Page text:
The coronavirus has impacted everyone in Johnson County, but when it comes to the county’s payroll at least, first responders, parks, jail and developmental services employees have been most affected.
A tally of cases shows, overall, 272 county employees — about 7.3% of the county’s workforce — have tested positive for COVID-19 since the beginning of the pandemic in March through the end of November.
The most affected departments
Most impacted were departments whose employees could not work from home, according to a breakdown by departments provided to the Post by the county manager’s office.
Of those, first responders and corrections employees made up 104 infections, or nearly 40% of the total reported among county employees.
The sheriff’s department alone reported 60 infections, the most of any single department during that time period.
That was followed by:
- parks and recreation, with 45 positive cases
- corrections, with 30 cases
- developmental services, with 28 cases
- mental health, with 23 cases
- and Johnson County Med-Act with 14.
Developmental services works with county residents who have developmental disabilities.
Departments impacted in different ways
The most affected departments line up differently when numbers are looked at as a percentage of total staff.
About 9% of the sheriff’s department and 9.5% of the ambulance service and 12.2% of corrections staff tested positive.
Other departments, with fewer total cases, saw higher percentages of their staffs impacted.
For instance, the county elections commission reported 23.5% and the parks department 14.6%. However those numbers are affected by the fact that those departments use many temporary and seasonal employees, whose positive tests are included.
The quarantines have not been attributed to significant changes in services. Although there have been many changes in how county services are delivered due to pandemic safety precautions, short staffing related to illness has not in itself caused any programs to be curtailed, county officials said.
How first responders have reacted
Cases among first responders, however, have always been of concern because their contact with the public puts them at higher risk.
Three firefighters in Kansas City, Mo., have died since the pandemic began — two of them last month.
In Overland Park, Jason Green, chief of emergency medical services for the fire department, contracted the disease last spring and spent 18 days on a ventilator before eventually being released from the hospital.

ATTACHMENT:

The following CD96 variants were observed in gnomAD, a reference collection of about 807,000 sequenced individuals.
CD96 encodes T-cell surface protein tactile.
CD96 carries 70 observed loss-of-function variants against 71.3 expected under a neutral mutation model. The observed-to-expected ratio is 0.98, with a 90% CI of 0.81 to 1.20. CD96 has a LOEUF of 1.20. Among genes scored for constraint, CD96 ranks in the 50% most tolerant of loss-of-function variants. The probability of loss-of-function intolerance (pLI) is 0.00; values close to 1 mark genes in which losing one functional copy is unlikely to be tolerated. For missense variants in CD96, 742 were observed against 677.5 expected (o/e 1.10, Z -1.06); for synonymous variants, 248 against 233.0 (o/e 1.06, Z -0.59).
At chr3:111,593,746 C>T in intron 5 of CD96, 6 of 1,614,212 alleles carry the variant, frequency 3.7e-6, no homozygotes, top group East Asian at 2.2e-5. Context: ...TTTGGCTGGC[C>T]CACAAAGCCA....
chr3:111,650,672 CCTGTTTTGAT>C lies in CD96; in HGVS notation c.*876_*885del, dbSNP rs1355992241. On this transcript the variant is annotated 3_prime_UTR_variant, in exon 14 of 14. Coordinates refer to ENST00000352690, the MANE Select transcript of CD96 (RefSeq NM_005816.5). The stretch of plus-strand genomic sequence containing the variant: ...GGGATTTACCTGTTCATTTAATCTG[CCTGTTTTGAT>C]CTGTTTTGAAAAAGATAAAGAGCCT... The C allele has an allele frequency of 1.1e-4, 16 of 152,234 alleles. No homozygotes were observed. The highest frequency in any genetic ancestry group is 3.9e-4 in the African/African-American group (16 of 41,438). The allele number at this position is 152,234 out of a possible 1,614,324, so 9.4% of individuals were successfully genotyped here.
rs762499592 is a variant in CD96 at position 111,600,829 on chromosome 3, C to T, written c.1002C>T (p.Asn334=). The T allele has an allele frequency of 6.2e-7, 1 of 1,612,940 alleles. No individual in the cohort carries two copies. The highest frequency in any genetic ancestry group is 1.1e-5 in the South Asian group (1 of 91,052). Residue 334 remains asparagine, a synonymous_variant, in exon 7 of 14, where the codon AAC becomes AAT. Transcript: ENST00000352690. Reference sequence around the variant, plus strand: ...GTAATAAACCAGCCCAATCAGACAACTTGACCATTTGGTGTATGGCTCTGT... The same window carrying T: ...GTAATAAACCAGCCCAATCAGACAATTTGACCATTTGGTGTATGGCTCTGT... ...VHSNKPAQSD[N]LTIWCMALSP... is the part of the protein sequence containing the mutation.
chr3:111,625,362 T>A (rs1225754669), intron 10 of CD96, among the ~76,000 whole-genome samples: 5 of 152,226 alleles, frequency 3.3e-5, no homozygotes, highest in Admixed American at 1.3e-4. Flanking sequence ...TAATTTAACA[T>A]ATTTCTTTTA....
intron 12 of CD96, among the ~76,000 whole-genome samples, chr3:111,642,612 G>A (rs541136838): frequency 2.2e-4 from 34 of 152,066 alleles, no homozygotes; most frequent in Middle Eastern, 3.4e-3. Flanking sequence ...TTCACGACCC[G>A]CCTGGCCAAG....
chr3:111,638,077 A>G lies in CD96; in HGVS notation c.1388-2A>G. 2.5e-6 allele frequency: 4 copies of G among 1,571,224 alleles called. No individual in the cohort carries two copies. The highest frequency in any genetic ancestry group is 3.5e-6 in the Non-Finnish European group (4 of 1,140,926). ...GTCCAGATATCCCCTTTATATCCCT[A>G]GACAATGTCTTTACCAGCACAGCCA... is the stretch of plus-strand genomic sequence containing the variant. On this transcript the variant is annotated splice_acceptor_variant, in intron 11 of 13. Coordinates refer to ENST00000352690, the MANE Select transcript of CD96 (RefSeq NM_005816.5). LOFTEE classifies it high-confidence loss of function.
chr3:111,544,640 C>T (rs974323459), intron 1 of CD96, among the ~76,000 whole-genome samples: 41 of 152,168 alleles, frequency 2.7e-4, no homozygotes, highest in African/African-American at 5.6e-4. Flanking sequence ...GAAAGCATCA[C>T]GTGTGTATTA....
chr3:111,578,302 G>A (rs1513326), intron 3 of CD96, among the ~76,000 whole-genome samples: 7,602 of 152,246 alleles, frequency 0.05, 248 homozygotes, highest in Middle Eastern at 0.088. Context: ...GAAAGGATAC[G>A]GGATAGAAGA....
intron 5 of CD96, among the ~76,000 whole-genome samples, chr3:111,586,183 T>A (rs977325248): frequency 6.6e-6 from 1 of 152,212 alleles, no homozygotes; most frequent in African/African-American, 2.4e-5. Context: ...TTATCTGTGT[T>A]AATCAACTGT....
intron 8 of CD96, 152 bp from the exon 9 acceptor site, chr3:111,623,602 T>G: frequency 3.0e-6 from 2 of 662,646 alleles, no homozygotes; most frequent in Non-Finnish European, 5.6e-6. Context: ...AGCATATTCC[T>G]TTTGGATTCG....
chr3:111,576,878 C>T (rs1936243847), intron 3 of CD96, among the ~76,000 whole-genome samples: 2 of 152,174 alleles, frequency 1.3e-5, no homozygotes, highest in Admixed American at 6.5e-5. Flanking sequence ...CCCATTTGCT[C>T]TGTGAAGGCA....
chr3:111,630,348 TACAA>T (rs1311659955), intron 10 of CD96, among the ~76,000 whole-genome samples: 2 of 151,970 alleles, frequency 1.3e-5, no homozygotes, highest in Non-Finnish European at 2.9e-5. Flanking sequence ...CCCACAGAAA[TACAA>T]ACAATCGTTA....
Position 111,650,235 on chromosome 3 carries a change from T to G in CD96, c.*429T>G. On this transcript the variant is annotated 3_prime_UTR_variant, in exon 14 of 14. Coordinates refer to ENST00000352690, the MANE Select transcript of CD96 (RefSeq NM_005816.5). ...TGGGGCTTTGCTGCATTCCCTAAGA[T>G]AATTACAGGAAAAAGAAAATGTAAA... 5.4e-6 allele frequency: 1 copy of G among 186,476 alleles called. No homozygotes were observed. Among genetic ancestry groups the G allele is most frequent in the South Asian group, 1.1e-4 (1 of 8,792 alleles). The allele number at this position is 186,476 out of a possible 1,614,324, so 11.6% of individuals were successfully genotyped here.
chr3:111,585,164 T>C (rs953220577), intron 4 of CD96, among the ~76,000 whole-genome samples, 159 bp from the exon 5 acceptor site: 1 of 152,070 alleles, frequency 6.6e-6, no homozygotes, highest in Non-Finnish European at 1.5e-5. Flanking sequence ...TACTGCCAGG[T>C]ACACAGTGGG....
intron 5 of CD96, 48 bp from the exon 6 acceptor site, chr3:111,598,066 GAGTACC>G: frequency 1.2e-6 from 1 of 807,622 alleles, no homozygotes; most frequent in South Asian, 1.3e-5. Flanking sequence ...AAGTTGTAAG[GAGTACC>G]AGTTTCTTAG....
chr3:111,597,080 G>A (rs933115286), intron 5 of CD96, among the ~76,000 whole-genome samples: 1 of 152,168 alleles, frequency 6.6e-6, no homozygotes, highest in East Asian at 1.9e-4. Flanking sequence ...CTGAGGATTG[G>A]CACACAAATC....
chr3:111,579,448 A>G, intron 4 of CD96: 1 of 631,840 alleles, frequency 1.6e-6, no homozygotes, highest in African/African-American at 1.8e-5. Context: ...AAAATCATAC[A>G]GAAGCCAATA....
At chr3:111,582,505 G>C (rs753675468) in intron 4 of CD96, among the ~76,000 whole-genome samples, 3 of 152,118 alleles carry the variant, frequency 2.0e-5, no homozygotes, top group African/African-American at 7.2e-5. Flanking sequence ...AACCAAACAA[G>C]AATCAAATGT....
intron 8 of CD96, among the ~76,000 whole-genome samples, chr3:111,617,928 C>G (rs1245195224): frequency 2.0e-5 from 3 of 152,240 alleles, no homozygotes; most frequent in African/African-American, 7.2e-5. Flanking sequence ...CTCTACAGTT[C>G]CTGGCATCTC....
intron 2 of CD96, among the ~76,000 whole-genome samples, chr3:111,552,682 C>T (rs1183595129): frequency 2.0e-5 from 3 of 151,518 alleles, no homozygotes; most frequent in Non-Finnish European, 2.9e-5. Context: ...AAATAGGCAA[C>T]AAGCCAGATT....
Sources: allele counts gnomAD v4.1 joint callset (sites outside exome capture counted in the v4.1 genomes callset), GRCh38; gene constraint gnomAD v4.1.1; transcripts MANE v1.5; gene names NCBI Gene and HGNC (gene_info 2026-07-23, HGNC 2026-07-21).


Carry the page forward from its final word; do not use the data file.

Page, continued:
Cold weather and the holidays have prompted more indoor gatherings, COVID-19 cases have surged in recent weeks. Local first responders say cases in their ranks, accordingly, have also been up.
The Johnson County Sheriff’s Department reported 13 active coronavirus cases as of Dec. 9, with an additional 16 employees quarantining due to contact.
In the Overland Park Police Department, there were 6 current cases among officers and staff out of a total of 30 since the beginning of the pandemic. That city’s fire department also reported five current positive cases last week out of a total of 23 since March.
And in Lenexa, four police and fire department employees were quarantining, with two positive tests reported.
Sheriff’s employees have N95 masks, gloves and other protective equipment so they can continue to show up in person for 911 calls, said Deputy Claire Canaan, department spokesperson. But there have also been some internal changes in how the department deals with staffing challenges.
“We have adapted to minimize the impact of COVID on our operations. Employees have been flexible in working across various divisions due to changes in workflows and in turn, have made positive budget impacts,” she said in an email response to questions from the Post.
“Our staff continues to perform duties of providing public safety, regardless of the increased risk of exposure to the virus, and we will continue to provide the exceptional service the citizens of Johnson County have come to expect from the Johnson County Sheriff’s Office,” she said.
Meanwhile, Med-Act has managed to avoid the worst of the case surge. That department reported no new active cases earlier this month as community transmission climbed, said Allyson Angell, spokesperson for Med-Act.
Medics have hoods with pressurized air to use when they encounter possible COVID-19 cases, and ambulances are rotated through an ozone sanitation process as well, she said. They also have special equipment to perform resuscitation that does not require direct mouth-to-mouth contact.
“Our department has been very good at keeping ourselves safe as well as keeping the members of the community safe so we neither contract nor spread the coronavirus,” Angell said.